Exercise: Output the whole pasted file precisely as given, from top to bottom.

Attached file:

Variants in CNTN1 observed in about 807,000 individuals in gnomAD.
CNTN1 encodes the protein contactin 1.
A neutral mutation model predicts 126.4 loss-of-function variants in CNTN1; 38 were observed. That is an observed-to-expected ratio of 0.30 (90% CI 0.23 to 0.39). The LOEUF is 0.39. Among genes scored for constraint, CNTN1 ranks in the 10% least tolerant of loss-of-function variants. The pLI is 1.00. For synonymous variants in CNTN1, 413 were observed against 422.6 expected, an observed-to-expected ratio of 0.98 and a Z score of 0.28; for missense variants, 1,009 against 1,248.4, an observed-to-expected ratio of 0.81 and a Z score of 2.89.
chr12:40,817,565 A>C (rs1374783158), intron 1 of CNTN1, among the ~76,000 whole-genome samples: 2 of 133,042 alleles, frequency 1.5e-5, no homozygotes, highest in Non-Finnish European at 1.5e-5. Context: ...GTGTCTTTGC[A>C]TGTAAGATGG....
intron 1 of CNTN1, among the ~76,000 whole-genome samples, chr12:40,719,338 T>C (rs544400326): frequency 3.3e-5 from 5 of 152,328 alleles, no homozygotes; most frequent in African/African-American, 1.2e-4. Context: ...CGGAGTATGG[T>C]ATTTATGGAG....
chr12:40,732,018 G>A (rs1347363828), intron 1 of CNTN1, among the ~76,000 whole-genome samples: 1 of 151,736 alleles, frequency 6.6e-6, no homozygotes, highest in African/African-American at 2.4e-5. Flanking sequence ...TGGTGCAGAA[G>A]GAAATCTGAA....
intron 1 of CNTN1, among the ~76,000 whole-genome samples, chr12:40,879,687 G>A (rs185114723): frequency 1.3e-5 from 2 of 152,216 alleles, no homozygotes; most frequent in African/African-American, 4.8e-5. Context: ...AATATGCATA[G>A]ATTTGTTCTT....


Variants in CNTN1 observed in about 807,000 individuals in gnomAD.
CNTN1 encodes the protein contactin 1.
A neutral mutation model predicts 126.4 loss-of-function variants in CNTN1; 38 were observed. That is an observed-to-expected ratio of 0.30 (90% CI 0.23 to 0.39). The LOEUF is 0.39. Among genes scored for constraint, CNTN1 ranks in the 10% least tolerant of loss-of-function variants. The pLI is 1.00. For synonymous variants in CNTN1, 413 were observed against 422.6 expected, an observed-to-expected ratio of 0.98 and a Z score of 0.28; for missense variants, 1,009 against 1,248.4, an observed-to-expected ratio of 0.81 and a Z score of 2.89.
chr12:40,817,565 A>C (rs1374783158), intron 1 of CNTN1, among the ~76,000 whole-genome samples: 2 of 133,042 alleles, frequency 1.5e-5, no homozygotes, highest in Non-Finnish European at 1.5e-5. Context: ...GTGTCTTTGC[A>C]TGTAAGATGG....
intron 1 of CNTN1, among the ~76,000 whole-genome samples, chr12:40,719,338 T>C (rs544400326): frequency 3.3e-5 from 5 of 152,328 alleles, no homozygotes; most frequent in African/African-American, 1.2e-4. Context: ...CGGAGTATGG[T>C]ATTTATGGAG....
chr12:40,732,018 G>A (rs1347363828), intron 1 of CNTN1, among the ~76,000 whole-genome samples: 1 of 151,736 alleles, frequency 6.6e-6, no homozygotes, highest in African/African-American at 2.4e-5. Flanking sequence ...TGGTGCAGAA[G>A]GAAATCTGAA....
intron 1 of CNTN1, among the ~76,000 whole-genome samples, chr12:40,879,687 G>A (rs185114723): frequency 1.3e-5 from 2 of 152,216 alleles, no homozygotes; most frequent in African/African-American, 4.8e-5. Context: ...AATATGCATA[G>A]ATTTGTTCTT....